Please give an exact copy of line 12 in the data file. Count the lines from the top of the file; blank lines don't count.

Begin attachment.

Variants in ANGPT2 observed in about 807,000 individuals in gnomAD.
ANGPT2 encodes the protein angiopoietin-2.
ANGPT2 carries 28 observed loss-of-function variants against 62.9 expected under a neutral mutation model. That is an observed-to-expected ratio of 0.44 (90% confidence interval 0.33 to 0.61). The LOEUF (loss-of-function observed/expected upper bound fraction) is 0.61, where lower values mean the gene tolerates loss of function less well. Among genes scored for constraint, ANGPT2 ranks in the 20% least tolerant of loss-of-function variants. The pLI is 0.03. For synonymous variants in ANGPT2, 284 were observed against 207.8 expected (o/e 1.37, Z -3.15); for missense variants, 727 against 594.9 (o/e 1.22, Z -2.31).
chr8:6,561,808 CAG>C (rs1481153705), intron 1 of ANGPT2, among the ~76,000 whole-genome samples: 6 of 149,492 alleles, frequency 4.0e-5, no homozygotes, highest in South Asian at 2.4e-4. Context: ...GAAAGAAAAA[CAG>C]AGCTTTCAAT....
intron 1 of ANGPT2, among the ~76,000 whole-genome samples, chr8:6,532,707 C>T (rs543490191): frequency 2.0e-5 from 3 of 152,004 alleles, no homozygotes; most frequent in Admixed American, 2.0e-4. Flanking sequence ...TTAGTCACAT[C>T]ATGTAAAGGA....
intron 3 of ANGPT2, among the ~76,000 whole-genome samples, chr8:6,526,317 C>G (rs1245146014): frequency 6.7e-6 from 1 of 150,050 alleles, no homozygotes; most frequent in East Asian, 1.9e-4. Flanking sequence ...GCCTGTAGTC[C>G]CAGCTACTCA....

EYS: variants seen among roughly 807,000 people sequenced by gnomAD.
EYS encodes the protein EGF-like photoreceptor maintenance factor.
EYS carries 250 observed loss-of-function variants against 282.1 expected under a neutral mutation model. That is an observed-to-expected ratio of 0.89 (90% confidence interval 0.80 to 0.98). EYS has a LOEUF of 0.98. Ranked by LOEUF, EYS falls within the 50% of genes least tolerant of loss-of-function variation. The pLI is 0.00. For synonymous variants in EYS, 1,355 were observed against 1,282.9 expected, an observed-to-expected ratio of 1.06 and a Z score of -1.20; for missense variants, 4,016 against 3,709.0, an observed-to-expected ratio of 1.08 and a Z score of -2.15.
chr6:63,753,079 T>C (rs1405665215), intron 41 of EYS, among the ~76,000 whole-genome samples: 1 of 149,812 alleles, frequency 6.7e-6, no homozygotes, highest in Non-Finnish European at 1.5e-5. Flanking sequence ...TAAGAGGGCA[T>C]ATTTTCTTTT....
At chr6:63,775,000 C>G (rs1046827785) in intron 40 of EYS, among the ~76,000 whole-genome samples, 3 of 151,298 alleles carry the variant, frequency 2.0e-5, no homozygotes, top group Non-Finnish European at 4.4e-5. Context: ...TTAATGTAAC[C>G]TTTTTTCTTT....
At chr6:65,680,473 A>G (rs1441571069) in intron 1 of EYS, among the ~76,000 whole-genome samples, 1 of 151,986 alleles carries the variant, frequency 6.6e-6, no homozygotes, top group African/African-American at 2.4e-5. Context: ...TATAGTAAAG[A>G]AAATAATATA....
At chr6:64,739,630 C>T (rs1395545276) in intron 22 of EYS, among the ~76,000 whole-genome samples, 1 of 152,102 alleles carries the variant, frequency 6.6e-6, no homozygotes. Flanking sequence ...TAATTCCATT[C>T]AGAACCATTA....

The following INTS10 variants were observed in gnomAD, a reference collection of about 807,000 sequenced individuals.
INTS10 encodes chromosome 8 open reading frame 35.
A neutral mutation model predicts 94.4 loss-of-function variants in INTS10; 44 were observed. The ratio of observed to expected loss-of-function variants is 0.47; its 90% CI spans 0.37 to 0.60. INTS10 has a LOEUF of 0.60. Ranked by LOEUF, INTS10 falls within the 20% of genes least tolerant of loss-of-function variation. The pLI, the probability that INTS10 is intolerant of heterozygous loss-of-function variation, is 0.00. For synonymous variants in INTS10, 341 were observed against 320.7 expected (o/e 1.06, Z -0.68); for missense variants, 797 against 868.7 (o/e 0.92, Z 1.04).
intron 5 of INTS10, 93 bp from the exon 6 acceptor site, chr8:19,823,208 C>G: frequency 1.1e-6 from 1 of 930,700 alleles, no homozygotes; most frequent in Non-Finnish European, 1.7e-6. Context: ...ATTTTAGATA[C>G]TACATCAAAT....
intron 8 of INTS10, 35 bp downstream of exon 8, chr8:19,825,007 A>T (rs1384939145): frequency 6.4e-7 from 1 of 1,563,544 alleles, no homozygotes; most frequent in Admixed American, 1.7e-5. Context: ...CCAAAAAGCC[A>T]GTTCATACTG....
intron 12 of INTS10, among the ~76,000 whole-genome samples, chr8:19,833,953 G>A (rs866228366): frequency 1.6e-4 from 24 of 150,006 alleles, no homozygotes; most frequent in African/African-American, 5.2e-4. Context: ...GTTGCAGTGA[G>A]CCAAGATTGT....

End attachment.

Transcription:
At chr6:65,680,473 A>G (rs1441571069) in intron 1 of EYS, among the ~76,000 whole-genome samples, 1 of 151,986 alleles carries the variant, frequency 6.6e-6, no homozygotes, top group African/African-American at 2.4e-5. Context: ...TATAGTAAAG[A>G]AAATAATATA....